Races can be a lot of fun, but if I were to measure the quality of my running life by my race performance, I would probably take up a different activity. While I appreciate the training that people put into preparing for that one big race, there are so many factors outside our control. When the gamble pays off and we meet or exceed our goals, it is very satisfying, but when all of that hard work is cast aside because of the things outside our control, it can be devastating. This is why I maintain that the most important run of your life is your next one, and if it doesn't go well, the one after that is also important. For me it is all about my daily run. Races are secondary. I make it my goal to not do anything during a race that will keep me from running the next week. I don't always meet that goal, but I try.

I also worry that our "the show must go on" attitude is unhealthy. On Labor Day, the Disneyland Half Marathon started at the scheduled time, but everyone was advised not to run because of the heat. They were also warned that the event could be canceled. A couple weeks later two of my Marathon Maniac friends required medical treatment after the Maui Marathon, which was also warm and humid. Our training may give us better endurance than most people, but it doesn't make us invincible.

As runners it is our nature to keep moving forward. My wish for everyone is the resilience to keep moving forward, to find a new goal, and to have the best run of your life at home (or wherever you are) this weekend!


Thanks for the kind words. I'm lucky that timing wise there is another race that I can go after. Even better that I get to run it with the guy who put the whole marathon idea in my head.

I agree firing Pinkowski is probably not a good idea, let him apply some lessons from this year. A class action lawsuit suit seems a bit of a stretch and in actuality would only serve to hurt the sport as it would drive up liability costs for race organizers.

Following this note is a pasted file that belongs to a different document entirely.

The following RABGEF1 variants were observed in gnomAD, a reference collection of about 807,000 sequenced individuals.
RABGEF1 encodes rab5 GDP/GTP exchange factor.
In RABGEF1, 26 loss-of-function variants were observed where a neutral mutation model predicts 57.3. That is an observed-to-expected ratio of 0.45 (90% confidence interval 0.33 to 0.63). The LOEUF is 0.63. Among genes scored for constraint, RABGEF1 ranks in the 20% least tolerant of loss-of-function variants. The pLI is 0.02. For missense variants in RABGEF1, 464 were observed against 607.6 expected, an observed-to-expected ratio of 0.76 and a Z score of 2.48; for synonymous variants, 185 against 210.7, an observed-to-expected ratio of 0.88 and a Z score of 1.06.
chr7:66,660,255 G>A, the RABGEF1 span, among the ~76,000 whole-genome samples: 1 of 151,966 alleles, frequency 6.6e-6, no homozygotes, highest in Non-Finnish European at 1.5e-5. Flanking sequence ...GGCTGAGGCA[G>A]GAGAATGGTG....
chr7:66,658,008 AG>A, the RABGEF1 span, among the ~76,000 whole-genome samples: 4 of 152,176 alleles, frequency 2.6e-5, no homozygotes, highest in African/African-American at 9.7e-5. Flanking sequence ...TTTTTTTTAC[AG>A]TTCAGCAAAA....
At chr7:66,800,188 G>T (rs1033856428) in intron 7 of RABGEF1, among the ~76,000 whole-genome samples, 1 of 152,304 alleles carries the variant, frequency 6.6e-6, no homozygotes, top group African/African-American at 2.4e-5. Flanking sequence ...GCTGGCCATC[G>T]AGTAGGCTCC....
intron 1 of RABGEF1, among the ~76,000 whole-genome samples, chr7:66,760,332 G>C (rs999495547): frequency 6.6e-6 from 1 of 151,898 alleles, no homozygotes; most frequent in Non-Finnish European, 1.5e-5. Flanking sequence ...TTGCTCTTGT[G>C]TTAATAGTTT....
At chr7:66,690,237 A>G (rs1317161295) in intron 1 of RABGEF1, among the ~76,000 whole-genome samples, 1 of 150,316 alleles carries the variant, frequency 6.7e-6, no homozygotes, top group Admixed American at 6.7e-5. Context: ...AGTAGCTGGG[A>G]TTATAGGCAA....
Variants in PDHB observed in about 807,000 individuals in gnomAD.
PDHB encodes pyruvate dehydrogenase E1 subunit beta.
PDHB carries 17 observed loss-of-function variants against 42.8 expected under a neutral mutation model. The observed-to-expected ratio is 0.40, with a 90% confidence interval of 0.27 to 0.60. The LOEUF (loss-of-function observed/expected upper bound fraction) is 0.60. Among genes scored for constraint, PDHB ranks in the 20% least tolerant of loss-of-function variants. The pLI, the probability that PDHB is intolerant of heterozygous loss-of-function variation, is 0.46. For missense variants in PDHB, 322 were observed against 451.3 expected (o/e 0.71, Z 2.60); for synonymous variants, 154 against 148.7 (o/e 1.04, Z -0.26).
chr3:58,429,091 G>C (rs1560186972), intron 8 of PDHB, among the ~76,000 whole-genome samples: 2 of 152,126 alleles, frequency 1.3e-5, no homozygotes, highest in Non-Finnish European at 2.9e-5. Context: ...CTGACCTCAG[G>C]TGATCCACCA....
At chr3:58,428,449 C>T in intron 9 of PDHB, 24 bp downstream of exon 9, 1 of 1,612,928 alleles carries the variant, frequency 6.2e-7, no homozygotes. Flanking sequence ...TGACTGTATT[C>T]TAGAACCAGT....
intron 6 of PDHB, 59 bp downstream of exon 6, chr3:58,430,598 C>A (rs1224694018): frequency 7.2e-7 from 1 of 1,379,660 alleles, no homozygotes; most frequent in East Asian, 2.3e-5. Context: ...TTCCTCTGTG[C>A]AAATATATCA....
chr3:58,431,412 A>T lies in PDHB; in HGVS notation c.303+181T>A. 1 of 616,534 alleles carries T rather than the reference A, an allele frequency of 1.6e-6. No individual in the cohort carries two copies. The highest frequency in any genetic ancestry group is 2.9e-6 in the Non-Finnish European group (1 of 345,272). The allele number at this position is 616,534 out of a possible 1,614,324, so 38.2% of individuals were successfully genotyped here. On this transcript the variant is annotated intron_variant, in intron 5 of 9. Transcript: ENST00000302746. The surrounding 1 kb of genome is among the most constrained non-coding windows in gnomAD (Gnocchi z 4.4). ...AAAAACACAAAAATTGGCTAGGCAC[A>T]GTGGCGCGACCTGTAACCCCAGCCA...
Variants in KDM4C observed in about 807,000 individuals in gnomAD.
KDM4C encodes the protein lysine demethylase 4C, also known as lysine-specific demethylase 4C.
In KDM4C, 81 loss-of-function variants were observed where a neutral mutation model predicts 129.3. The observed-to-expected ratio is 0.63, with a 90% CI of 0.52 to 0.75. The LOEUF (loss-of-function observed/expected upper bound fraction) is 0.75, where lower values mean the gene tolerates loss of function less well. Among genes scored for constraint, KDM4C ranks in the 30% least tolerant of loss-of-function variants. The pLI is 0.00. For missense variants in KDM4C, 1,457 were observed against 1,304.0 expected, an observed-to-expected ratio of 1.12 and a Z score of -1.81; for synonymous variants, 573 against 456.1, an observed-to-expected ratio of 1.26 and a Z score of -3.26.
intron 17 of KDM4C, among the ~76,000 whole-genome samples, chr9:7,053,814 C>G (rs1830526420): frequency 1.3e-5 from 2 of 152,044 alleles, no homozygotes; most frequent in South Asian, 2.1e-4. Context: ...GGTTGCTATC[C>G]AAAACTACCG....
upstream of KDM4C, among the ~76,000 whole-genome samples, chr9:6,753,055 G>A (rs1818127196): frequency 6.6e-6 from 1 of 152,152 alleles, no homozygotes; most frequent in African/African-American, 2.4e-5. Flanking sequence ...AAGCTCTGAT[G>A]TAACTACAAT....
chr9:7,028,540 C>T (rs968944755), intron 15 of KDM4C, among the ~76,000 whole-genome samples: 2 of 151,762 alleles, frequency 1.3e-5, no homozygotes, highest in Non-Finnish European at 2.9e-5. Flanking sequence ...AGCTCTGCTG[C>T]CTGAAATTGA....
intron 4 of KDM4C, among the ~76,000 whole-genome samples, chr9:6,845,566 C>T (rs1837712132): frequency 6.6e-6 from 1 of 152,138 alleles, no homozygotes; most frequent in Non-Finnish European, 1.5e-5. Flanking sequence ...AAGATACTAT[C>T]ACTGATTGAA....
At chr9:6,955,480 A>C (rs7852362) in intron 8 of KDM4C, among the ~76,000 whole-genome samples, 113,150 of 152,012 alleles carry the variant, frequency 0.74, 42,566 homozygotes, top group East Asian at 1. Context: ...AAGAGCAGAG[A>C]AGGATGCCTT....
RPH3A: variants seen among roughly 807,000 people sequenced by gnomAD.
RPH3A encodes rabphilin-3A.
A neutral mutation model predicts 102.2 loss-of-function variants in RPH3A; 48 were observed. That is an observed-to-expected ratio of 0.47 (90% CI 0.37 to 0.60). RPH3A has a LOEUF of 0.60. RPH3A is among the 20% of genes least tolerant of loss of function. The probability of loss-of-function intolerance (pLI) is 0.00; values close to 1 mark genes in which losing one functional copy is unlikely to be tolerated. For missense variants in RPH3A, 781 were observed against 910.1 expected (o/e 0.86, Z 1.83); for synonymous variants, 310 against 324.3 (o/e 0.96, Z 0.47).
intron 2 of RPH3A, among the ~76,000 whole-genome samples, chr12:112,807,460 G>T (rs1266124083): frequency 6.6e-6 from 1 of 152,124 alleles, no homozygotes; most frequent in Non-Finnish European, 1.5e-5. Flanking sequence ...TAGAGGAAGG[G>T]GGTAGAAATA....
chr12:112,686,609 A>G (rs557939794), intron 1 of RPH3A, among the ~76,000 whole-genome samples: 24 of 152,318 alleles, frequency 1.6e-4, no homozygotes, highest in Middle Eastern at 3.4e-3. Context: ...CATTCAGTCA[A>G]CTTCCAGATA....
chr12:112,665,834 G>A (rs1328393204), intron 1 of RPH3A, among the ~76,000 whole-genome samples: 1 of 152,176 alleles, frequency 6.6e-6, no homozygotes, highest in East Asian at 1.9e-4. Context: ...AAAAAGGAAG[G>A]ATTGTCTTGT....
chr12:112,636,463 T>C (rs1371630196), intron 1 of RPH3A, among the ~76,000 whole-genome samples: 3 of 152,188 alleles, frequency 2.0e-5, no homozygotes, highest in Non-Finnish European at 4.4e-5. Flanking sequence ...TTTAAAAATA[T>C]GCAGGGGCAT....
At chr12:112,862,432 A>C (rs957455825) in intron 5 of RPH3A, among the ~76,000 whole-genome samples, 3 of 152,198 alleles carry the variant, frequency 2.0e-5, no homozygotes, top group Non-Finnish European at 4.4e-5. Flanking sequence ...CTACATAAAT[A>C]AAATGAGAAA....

Ultimately, I got out of the press briefing that the major mistake was measures taken for relief from the heat were positioned wrong. When that was discovered, it was too late to move them.

My knee jerk reaction was, "I'll never run Chicago again" but as I distance myself from Sunday, that feeling is subsiding. The course is what did it for me. Having lived in Chicago for four years, and spent a fair amount of time beyond that working there, I know for a fact that even on a late Sunday morning, one could not DRIVE the course in six and a half hours. Traffic would prevent it. Getting to see that much of a great city while being cheered on by countless on-lookers is an amazing experience.

My thoughts and prayers go out to those still recovering from the race, both at home and in hospitals.

Bill Carter

You make some great points Tom. Trying to organize and run an event as large as Chicago must be an amazing undertaking. I expect that after some time, people will realize that hindsight is 20/20....now if only my patients could see that well. (I couldn't resist a little attempt at humor)


Anyone else in the mid-west could come to the Indianapolis Marathon on October 20. This is an excellent race. Registration ends on October 12.